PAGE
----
Lucky Clays Farms Is For The Luckiest Sportsman

Lucky Clays

Judy Carpenter’s love of the land combined with her love of shooting has produced the ultimate dream: Lucky Clays, one of the largest sustainable farms in the state.

Judy Carpenter’s father started National Welders Supply Company out of the trunk of his car during World War II. Her diapers were changed on boxes of welding rods, and she grew up around welding. Following in her father’s footsteps, Carpenter worked her way through the ranks learning every aspect of the business until she finally became Chairman of the Board. Searching for her dream, she sold her company in 2006 and started Lucky Clays Farm, a privately owned farm that strives towards sustainable living while also providing a Conference Center where corporate meetings and retreats are held, and activities are centered on shooting trap, sporting clays, fishing, hiking, and enjoying the great outdoors.

Carpenter’s love of shooting didn’t start until she was 27 years old. “Someone left a box of shotgun shells in my car,” says Carpenter. “I took them to the office to a co-worker who shot trap and skeet and told him to take them. Instead, he said, ‘you should try shooting them yourself.’ So, I did.”

The co-worker took Carpenter to the Charlotte Gun Club where she tried shooting some hand thrown targets – she hit about half – a good number for a first attempt. “I was hooked,” says Carpenter. “The next week I went to Hyatt’s Gun Shop and purchased a 12 Gauge Remington 870 Pump with a 30” barrel and a full choke for shooting trap.” Over time, Carpenter became an award-winning trap and field shooting expert and Olympic level clay shooter, but her love of the land combined with her love of shooting produced the ultimate dream: one of the largest sustainable farms in the state.

Lucky Clays Farm is located in Norwood, NC and is about 472 acres. The farm is run by a staff of people who work and love the land. Renewable designs help with conservation and sustainability. “It’s important to take a holistic approach where all things work together and have a tradeoff with other parts.” The low impact design conserves nature and sustains itself. The solar array and wind turbine system produce nearly 60% of the farm’s annual electricity. “Once the batteries get topped off, the rest of the power is sold back to the power company,” says Carpenter. “The rain water that comes off the roof and the immediate parking area at the cabin is diverted to an 8,000 gallon cistern where it is then used to irrigate the plants and grass.”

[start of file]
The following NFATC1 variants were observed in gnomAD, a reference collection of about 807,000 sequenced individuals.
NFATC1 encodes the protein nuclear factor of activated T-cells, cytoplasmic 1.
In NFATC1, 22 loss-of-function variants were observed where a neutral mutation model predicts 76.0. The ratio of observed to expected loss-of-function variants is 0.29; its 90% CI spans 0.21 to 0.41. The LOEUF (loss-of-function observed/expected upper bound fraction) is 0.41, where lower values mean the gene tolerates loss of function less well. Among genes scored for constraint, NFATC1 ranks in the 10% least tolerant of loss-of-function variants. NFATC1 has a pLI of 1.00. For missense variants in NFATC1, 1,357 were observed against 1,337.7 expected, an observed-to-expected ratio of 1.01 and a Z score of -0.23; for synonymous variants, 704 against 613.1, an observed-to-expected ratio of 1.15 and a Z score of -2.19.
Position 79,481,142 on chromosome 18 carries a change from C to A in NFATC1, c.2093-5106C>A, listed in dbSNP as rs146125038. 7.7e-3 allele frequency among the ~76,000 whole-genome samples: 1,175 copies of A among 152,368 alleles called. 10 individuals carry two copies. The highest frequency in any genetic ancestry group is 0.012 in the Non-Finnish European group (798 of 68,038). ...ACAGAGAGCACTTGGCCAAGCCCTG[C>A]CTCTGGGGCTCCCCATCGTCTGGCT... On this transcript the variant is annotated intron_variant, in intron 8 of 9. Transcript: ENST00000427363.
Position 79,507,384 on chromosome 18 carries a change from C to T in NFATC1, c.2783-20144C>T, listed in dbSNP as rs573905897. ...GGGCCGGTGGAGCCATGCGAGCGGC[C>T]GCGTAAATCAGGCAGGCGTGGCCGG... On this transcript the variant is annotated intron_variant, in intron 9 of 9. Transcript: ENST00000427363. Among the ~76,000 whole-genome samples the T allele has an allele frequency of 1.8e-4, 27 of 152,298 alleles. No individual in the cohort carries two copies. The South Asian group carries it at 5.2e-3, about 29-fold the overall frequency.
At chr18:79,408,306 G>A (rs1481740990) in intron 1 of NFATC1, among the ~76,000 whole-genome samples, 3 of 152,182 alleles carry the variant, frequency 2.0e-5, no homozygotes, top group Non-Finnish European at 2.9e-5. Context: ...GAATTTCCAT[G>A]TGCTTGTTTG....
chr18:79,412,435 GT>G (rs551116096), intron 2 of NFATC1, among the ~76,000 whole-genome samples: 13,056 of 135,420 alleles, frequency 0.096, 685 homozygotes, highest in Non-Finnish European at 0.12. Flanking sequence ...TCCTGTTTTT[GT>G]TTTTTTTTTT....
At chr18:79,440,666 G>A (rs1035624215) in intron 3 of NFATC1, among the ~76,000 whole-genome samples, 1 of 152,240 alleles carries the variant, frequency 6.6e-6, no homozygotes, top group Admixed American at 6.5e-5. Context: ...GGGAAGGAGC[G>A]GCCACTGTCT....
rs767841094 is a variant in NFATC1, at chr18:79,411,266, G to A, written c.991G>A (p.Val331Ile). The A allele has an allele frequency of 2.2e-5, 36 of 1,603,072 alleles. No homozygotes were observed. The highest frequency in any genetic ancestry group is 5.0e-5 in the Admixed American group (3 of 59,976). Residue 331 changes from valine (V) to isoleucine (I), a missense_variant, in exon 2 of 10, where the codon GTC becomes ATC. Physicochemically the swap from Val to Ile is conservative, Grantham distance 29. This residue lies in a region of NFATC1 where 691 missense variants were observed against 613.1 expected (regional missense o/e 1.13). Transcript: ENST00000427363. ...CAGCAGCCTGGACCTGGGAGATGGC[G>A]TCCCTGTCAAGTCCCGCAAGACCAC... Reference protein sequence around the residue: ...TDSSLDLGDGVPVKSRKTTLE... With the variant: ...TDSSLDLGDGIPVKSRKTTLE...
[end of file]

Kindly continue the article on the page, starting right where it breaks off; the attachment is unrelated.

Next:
Other sustainable initiatives are routinely practiced. “For example the main cabin was built following the LEED process for homes. We have qualified for gold status, but are waiting for our paperwork to be reviewed by the Green Building council,” says Carpenter. The cabin’s floors are made from recycled river wood retrieved from the Cape Fear River while the old barn wood used is all repurposed.

The farm already features solar panels, a wind turbine, and an aquaponic system that is thriving, and is currently looking to add solar panels to two more buildings in the near future. Their aquaponics system is very interesting, allowing an aquaculture for raising aquatic animals, as well as a hydroponic bed for growing vegetation. “We raise fresh water shrimp, and grow a variety of vegetables, herbs and edible flowers. We’re very excited to have just received a grant allowing us to raise tilapia, a non-native fish to North Carolina,” says Carpenter.

Corporate meetings and retreats will be the main function of Lucky Clays Farm. The event coordinator will work with the company to develop a program that best suits their team-building needs. “We have done retreats with a few small to medium groups and these have been fantastic” says Carpenter. “We can handle larger groups, but there are some limits to the number of people that we can have at the farm.”
When it comes to shooting, Carpenter is adamant. Trap and sporting clay are the only shooting programs allowed on the farm. Hunting is not permitted. There are many things to enjoy besides shooting–two stocked ponds with bass, catfish, brim, and other fish, 347 acres of trails to hike and mountain bike, and pet-friendly cottages with large porches and beautiful views to enjoy. It truly is a nature and shooting paradise.
For further information on Lucky Clays Farm go to